The Soviet Union’s 76.2mm SU76 was adopted in 1943 and was mounted on a T70 tank chassis. Adopted in August of the same year, the 85mm SU85. The SU85 tank destroyer was served by a crew of four, and 2,050 were produced until July of 1944. It had an 85mm Gun D-5S mounted on a T34 tank chassis. Other Soviet selfpropelled ordnance fielded by the Soviets in 1943 included the 122m SU122 and the SU152 assault gun. Both pieces were mounted on the Stalin tank chassis, with the SU122 incorporating a 122mm gun and the SU152 the 152.4mm Howitzer ML-205S. Crewed by five men, a total of 704 SU122 assault guns were manufactured in 1943. The SU100 tank-destroyer was adopted in 1944, and approximately 1,675 were manufactured into June of 1945. With a crew of four, it had a 100mm Gun D-10S mounted on a T34 tank chassis. The SU100 had a maximum combat range of 3,281 yards.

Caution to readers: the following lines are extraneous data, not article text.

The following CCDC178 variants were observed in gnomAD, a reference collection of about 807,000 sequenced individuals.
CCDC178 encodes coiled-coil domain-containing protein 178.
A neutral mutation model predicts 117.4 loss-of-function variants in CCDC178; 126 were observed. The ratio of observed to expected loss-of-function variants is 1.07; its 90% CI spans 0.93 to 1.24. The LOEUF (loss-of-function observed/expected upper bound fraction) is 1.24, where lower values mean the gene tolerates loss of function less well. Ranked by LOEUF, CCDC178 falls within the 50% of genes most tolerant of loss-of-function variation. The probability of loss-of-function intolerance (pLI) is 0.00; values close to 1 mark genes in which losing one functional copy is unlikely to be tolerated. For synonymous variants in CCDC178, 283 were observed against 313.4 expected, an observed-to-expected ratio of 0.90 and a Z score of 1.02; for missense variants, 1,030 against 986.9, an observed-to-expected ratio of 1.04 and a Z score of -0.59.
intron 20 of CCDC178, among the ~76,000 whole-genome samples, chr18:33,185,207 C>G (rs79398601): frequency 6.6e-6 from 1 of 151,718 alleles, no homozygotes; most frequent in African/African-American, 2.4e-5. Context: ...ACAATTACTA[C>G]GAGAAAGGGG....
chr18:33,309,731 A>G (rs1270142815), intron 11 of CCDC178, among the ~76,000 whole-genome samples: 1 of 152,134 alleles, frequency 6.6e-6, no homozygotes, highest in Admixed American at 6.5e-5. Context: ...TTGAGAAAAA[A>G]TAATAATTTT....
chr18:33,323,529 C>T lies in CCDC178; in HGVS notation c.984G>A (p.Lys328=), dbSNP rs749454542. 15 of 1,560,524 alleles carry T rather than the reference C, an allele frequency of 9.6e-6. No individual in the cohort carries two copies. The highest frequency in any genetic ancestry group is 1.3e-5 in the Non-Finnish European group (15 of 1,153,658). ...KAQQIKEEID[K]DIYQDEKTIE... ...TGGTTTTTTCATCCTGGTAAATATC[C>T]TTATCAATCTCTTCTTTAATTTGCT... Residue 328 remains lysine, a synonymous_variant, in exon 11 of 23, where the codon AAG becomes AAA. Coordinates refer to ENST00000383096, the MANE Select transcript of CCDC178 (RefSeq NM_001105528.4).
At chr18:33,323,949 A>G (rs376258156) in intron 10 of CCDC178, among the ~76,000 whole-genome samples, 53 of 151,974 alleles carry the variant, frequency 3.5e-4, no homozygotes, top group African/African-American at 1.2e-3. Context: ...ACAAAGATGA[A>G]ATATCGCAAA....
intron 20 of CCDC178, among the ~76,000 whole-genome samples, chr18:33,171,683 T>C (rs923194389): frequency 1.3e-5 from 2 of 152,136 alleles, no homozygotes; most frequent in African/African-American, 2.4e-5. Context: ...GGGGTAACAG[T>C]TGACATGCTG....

The first of the heavy Soviet self-propelled artillery carriages was the SU-152, which first appeared in 1943, just in time to take part in the tank battles at Kursk. It was built onto a KV-2 heavy tank chassis and was typical of later World War II designs in that the tank chassis was taken virtually unchanged and a large armoured box was built on to the front of the hull. The weapon was a 152-mm (6-in) M-1937 howitzer mounted in a large and heavy mantlet on the front superstructure plate and there were roof hatches, one of which had provision for mounting an anti-aircraft machine-gun. This first vehicle was intended for use as much as an anti-armour weapon as a heavy assault weapon, for the Red Army made no differentiation between antitank and other weapons when it came to tactics. The SU-152 relied upon sheer projectile weight and power to defeat enemy armour.